Ory Band13:06:43

or, at least, i don't see why it was implemented this way. i guess there's a good reason which i don't understand yet


One reason I see is that immediately after the null-check, the compiler calls if(op.equals(FN)) . So a nullpointer error will be thrown regardless in case op == null


A good place to post this question would be on


And I think a good way to look at this is to remember that there is a phase where Clojure must emit jvm bytecode. So it isn't evaluating anything, but it does have to emit bytecode with instructions on how to take both branches. And there's no good way to do that with (nil)


And interpreter might not have any problems with this, and in fact, bb has no problems returning 1 from (if true 1 (nil)). But if you need to emit code that performs both branches and then only jump to one of them, there isn't a great way to do this


I don't know enough jvm to know if (nil) would be invalid bytecode or if its just patently clear that it will fail at runtime


@U011QKW5RGF do I understand correctly that your point is that the compiler should check neither cases, because it leads to unexpected behaviour?

Ory Band13:06:44

yes. it should fail/crash at the eval stage, not the read stage


Can I ask why?

Ory Band13:06:15

more precisely, i'd like to know why (nil) is treated in a special manner here

Ory Band13:06:45

> Can I ask why? i don't understand what's so special about (nil) compared to (1) or ("") or any other scenario


A soft (and maybe wrong) answer: Because null is not an object

Ory Band13:06:22

1. this is a java implementation detail being unintentionally (i guess) exposed in clojure 2. is null the only non-object in java?


nil doesn't have a type, 1 and "" do.

Ory Band13:06:44

is there any other thing in java that doesn't have a type?

Ory Band13:06:54

i'm really asking, i'm not too familiar with java


I'm sorry I didn't make clear, in my last post I was talking about Clojure types.

Ory Band13:06:17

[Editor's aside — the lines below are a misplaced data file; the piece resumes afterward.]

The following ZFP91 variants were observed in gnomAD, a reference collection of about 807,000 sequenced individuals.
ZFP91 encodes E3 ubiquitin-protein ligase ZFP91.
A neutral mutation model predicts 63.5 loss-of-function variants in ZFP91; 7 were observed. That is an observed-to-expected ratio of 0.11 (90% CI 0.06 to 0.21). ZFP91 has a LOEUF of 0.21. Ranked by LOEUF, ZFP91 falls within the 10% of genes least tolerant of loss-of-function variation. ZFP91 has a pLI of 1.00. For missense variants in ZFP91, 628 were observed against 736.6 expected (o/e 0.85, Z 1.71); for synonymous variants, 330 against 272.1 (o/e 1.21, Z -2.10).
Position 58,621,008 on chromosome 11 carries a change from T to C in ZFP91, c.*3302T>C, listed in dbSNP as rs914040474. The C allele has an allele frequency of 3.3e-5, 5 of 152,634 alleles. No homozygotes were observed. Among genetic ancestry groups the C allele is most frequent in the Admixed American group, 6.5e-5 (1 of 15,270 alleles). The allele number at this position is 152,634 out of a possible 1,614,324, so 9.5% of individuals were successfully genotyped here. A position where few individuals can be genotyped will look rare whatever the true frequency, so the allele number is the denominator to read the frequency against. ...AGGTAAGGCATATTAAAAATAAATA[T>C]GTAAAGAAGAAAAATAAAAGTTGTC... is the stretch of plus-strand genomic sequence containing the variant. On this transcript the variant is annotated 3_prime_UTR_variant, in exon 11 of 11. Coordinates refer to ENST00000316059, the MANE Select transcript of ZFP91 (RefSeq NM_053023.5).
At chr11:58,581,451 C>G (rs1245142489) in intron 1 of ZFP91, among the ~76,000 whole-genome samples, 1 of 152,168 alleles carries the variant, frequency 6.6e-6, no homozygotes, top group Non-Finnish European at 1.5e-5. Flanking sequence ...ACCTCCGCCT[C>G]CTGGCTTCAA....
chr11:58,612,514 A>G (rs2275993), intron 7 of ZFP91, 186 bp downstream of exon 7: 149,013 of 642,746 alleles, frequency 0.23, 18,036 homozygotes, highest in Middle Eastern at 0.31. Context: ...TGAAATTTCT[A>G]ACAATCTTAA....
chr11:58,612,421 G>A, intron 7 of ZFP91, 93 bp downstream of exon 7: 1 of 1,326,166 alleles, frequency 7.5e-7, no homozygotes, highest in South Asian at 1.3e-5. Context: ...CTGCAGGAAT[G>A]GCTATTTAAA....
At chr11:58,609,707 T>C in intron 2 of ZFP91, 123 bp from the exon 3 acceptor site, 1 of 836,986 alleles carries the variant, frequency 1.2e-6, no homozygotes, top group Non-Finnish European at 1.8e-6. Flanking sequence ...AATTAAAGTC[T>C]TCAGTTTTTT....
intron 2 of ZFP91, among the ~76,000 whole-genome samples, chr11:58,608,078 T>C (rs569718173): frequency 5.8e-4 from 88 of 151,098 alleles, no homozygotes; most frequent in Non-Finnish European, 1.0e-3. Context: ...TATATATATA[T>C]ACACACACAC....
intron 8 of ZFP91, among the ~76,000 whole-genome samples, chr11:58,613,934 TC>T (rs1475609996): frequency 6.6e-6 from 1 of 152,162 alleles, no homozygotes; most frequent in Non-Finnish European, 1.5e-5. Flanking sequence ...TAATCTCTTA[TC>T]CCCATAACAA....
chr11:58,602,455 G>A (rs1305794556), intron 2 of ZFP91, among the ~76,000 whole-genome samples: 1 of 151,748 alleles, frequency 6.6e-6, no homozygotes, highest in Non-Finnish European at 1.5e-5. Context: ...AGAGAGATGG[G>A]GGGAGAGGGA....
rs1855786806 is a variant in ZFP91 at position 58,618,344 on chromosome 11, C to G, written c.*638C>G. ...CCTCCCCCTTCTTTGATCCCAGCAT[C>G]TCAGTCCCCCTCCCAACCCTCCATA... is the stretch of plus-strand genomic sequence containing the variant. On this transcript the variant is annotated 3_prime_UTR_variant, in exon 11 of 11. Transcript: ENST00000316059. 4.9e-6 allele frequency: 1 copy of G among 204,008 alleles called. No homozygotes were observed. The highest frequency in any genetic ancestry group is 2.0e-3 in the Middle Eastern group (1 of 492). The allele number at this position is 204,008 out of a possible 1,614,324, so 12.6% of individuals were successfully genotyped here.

ok, same question then. is nil the only non-type in clojure? why do i even have to think about this when writing clojure


Clojure doesn't hide the fact that it's a hosted language


"`nil`  doesn't have a type, 1 and "" do." but, (defprotocol T (t [this])) (extend-type nil T (t [this] 7)) (t nil) => 7

Ory Band13:06:32

somebody call rich already and have him settle this discussion lol


actually pretty sure in Clojurescript one can extend-type nil IFn so that (nil) is valid


not quite

cljs.user=> (extend-type nil IFn (-invoke ([this] 0)))
cljs.user=> (nil)
Unexpected error (ExceptionInfo) compiling at (<cljs repl>:1).
Can't call nil at line 1 
cljs.user=> (-invoke nil)


@U0CKDHF4L that's interesting. Can you try this with numbers?



(extend-type js/Number IFn (-invoke ([this op x] (op this x))))
cljs.user=> (71 + 171)


cool, thanks! 🙂



cljs.user=> (extend-type js/Number IFn (-invoke ([this] this)))
(warning ignored) 
cljs.user=> (1)
#object[Number 1]


Cool! It looks like a difference is that in Clojure, clojure.lang.IFn is a Java interface, while in Clojurescript, IFn is a Clojure protocol.


The point being that Clojure protocols can be implemented for any existing type, including nil, while Java interfaces seem implemantable only when using making new types, eg. using defrecord or reify .


@U011QKW5RGF clojure and the JVM are flexible enough that 1 could implement clojure.lang.IFn by the time you execute the code, this isn't the case for nil I don't think sane code would ever do such a thing, but the fact is that it's possible

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oh I see someone up thread already demonstrated


> why do I have to think about this when writing clojure? as mentioned before I think, clojure is explicitly a hosted language, and embraces the details of its host, there are other languages (racket is quite similar and very well thought out) that do intend to abstract the host implementation away, but you'll find that the reason clojure is as popular as it is is that it explicitly embraces the VM (thus works well in integration with Java or JS projects)

Ory Band11:07:44

so to summarize, if i understand correctly, the reason that in my original message calling (nil) throws a read-time exception while (1) doesn't is because in java null is not an object? that is, this is an implementation detail of the host language we cannot go around by?


A syntax error for (nil) is thrown because it's not possible to call nil as a function

Ory Band13:07:11

.. in java (right?)


Yes, functions seem to be invoked by calling the invoke method on objects

Ory Band13:07:17

thanks for the thorough answer. side question: does this also occur in cljs?


Yes, the cljs compiler doesn't allow it

Ory Band14:07:31

thanks fvr. much obliged 🎩


You're welcome! Trying to read and understand parts of the Java source of Clojure seems approachable, but the caveat is that I've never programmed in Java, so I hope I've understood things correctly.


> the reason that in my original message calling (nil) throws a read-time exception while (1) doesn't is because in java null is not an object? right - the runtime is such that (nearly?) anything other than nil could be extended or replaced between read time and execution, but not nil